MOVE ASIDE STEPHENIE Meyers, there’s a new vampire novelist in town. Patricia McCarthy, an Ottawa-based writer, has penned her fifth novel in the Crimson vampire series. The romance-esque novel is about blood-sucking monsters living in the nation’s capital and it’s due out later this year. The Fulcrum recently sat down and spoke to the local author about using vampires as her main subject and being a writer here in Ottawa.

The Fulcrum: Tell us about your latest novel.
McCarthy: The Crimson Crimes resumes the saga of Samuel and Magdalene Crimson. He is a hybrid human vampire and she is the [the last standing full vampire on earth]. Their idyllic life runs screamingly out of control when they attempt to hide the bones of the dead bodies drained by Magdalene’s predecessor, Sir William Simon Hennessy, a 900-plus-year-old vampire who transferred his vampire powers to Magdalene before expiring.
Suffice it to say, readers will enjoy the steamy sex scenes (one takes place on the Rideau Canal in the dead of February) and the often time rude, black humour.

Why did you choose to write about vampires?
Vampires chose me. I was happily minding my own business writing poetry and short stories, both of which were being published in the United Kingdom. The turning point came when my poetry was published by a vampire pulp fiction magazine … [and the] editor asked me to submit some short vampire stories.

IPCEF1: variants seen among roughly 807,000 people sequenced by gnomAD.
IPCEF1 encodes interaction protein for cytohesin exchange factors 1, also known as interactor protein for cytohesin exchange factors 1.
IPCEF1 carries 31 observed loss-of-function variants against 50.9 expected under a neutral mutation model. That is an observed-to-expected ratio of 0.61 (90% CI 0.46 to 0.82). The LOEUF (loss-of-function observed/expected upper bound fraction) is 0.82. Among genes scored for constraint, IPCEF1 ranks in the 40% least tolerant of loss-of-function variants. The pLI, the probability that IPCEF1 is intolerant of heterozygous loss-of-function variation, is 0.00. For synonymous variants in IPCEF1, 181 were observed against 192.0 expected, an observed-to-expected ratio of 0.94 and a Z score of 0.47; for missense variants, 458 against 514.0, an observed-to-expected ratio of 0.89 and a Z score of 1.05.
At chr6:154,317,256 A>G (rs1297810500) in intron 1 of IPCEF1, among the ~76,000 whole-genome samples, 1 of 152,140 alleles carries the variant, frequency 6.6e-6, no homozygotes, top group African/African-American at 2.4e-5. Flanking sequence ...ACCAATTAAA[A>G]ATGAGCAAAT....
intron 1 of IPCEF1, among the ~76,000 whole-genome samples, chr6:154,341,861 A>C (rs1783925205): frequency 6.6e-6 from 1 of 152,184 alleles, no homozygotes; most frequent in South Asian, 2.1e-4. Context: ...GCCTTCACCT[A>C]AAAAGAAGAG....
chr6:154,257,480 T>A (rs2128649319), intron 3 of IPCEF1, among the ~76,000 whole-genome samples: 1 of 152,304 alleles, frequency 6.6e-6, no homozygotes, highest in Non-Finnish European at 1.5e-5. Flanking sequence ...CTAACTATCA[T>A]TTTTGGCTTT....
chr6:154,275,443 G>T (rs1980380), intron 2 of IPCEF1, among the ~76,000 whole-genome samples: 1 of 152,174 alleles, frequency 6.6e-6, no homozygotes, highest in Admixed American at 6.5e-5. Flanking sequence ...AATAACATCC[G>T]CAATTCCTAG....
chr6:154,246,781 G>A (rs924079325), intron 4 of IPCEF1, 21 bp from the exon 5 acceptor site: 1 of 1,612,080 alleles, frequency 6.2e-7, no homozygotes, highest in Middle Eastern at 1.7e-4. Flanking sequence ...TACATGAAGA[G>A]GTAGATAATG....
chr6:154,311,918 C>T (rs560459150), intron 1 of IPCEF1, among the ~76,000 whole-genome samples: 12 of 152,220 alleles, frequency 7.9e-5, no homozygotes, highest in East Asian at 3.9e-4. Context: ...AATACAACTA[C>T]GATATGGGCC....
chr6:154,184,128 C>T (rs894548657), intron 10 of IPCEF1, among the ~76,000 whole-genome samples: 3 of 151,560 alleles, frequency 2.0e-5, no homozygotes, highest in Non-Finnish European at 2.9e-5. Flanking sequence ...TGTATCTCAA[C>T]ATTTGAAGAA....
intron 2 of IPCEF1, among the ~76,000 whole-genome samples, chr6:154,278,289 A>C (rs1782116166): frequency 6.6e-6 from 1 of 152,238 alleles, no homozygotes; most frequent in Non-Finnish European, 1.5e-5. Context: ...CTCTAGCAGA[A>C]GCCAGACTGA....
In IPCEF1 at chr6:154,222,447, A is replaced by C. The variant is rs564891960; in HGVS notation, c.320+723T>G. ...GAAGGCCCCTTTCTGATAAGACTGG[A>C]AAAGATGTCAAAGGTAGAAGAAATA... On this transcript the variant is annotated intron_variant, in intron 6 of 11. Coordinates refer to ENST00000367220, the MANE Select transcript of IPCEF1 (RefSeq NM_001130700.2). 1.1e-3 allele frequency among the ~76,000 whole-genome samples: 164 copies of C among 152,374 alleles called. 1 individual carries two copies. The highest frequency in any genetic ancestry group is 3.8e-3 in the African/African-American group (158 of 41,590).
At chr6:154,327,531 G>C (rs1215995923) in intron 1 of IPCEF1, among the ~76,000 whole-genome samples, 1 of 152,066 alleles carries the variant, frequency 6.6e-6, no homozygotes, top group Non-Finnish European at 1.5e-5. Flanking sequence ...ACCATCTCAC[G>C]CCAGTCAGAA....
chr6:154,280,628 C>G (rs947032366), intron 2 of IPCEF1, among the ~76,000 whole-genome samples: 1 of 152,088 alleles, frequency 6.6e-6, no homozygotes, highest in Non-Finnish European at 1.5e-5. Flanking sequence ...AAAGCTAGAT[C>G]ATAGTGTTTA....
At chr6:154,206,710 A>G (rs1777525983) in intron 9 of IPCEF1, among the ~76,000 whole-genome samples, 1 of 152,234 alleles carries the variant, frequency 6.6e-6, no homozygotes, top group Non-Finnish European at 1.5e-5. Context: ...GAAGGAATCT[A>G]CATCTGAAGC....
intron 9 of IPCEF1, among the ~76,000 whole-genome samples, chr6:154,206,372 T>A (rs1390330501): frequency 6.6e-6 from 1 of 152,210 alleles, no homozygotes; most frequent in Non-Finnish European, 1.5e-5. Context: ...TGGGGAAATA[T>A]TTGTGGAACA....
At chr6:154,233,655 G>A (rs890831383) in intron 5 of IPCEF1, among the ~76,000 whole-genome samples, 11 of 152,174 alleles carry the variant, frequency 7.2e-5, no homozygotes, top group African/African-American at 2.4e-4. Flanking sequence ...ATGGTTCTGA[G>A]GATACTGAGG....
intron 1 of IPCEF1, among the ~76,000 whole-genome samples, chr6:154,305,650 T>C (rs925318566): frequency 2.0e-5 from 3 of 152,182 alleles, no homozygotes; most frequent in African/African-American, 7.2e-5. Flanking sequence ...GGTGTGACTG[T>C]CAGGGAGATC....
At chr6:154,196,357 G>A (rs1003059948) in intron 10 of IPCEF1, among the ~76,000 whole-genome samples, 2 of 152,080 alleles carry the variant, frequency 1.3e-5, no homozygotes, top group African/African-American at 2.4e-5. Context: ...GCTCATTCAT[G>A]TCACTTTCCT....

After having a handful purchased and published, I realized how much fun it was to write fang fiction. I knew then that I had my first vampire novel in me, and once my first vampire novel came into existence, I loved the premise and characters so much that I believed there was potential for an on going series.

Do you think that the vampire genre is overplayed in pop culture?
Not at all—love-sick, hot young boys with cliff-hanger cheek bones are played up to death in popular culture and young girls never seem to be able to get enough of them. Vampires have been the darling of the literary world for over a century. The only other literary character to receive as much attention as the vampire is Sherlock Holmes, but he doesn’t make young [women] quiver. Lust, power, and immortality are highly compelling elements to entice a reader of any age. Writers are drawn to the potential for drama, which seems limitless with vampires.

You write about vampire erotica. Would you consider yourself a romance novelist?
I consider myself a practitioner of fang fiction. If I was a romance novelist, I might have hurled myself out of a window by now—even if one of my novel covers bared a rippled, male torso clutching a nubile waif. Perhaps one day I will be inspired to switch from genre fiction to speculative fiction.

As a local author, do you have any advice for young, burgeoning novelists?
Read a lot, especially poetry. Poetry teaches you the economy of words and rhythm—two essential ingredients in writing. Be selective in terms of the organizations to which you wish to devote your spare time. Writers by nature are lonely creatures—you never write a novel by committee—so get used to the idea of spending a lot of time by yourself. Make a point of getting out to listen to other writers read their material live and take advantage of opportunities to read your own material live as well.

Sofia Hashi